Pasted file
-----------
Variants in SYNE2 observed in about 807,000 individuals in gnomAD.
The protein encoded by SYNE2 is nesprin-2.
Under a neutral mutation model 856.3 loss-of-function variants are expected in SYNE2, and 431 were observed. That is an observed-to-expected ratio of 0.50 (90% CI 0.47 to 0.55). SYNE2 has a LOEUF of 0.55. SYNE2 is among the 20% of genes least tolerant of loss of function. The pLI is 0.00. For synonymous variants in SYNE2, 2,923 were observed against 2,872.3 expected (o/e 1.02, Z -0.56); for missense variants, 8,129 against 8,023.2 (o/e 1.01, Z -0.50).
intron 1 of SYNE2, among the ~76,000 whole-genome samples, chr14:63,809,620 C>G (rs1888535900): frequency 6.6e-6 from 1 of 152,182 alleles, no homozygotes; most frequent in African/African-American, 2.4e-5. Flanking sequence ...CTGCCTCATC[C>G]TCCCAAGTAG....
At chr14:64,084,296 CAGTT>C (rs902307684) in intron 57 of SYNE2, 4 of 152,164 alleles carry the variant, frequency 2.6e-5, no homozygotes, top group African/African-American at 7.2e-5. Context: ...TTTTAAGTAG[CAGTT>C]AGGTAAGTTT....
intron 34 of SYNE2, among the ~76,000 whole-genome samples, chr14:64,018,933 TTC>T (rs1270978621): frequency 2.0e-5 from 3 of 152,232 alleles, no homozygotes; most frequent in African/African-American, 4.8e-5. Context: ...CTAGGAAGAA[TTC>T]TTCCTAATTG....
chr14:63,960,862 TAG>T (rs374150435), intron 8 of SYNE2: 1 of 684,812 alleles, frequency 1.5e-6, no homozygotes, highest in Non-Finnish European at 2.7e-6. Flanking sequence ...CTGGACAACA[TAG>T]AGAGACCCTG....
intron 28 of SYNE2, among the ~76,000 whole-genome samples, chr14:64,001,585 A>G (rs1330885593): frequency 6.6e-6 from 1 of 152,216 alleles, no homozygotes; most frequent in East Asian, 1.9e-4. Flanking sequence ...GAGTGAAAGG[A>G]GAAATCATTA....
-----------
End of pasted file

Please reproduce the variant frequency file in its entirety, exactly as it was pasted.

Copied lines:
Variants in SYNE2 observed in about 807,000 individuals in gnomAD.
The protein encoded by SYNE2 is nesprin-2.
Under a neutral mutation model 856.3 loss-of-function variants are expected in SYNE2, and 431 were observed. That is an observed-to-expected ratio of 0.50 (90% CI 0.47 to 0.55). SYNE2 has a LOEUF of 0.55. SYNE2 is among the 20% of genes least tolerant of loss of function. The pLI is 0.00. For synonymous variants in SYNE2, 2,923 were observed against 2,872.3 expected (o/e 1.02, Z -0.56); for missense variants, 8,129 against 8,023.2 (o/e 1.01, Z -0.50).
intron 1 of SYNE2, among the ~76,000 whole-genome samples, chr14:63,809,620 C>G (rs1888535900): frequency 6.6e-6 from 1 of 152,182 alleles, no homozygotes; most frequent in African/African-American, 2.4e-5. Flanking sequence ...CTGCCTCATC[C>G]TCCCAAGTAG....
At chr14:64,084,296 CAGTT>C (rs902307684) in intron 57 of SYNE2, 4 of 152,164 alleles carry the variant, frequency 2.6e-5, no homozygotes, top group African/African-American at 7.2e-5. Context: ...TTTTAAGTAG[CAGTT>C]AGGTAAGTTT....
intron 34 of SYNE2, among the ~76,000 whole-genome samples, chr14:64,018,933 TTC>T (rs1270978621): frequency 2.0e-5 from 3 of 152,232 alleles, no homozygotes; most frequent in African/African-American, 4.8e-5. Context: ...CTAGGAAGAA[TTC>T]TTCCTAATTG....
chr14:63,960,862 TAG>T (rs374150435), intron 8 of SYNE2: 1 of 684,812 alleles, frequency 1.5e-6, no homozygotes, highest in Non-Finnish European at 2.7e-6. Flanking sequence ...CTGGACAACA[TAG>T]AGAGACCCTG....
intron 28 of SYNE2, among the ~76,000 whole-genome samples, chr14:64,001,585 A>G (rs1330885593): frequency 6.6e-6 from 1 of 152,216 alleles, no homozygotes; most frequent in East Asian, 1.9e-4. Flanking sequence ...GAGTGAAAGG[A>G]GAAATCATTA....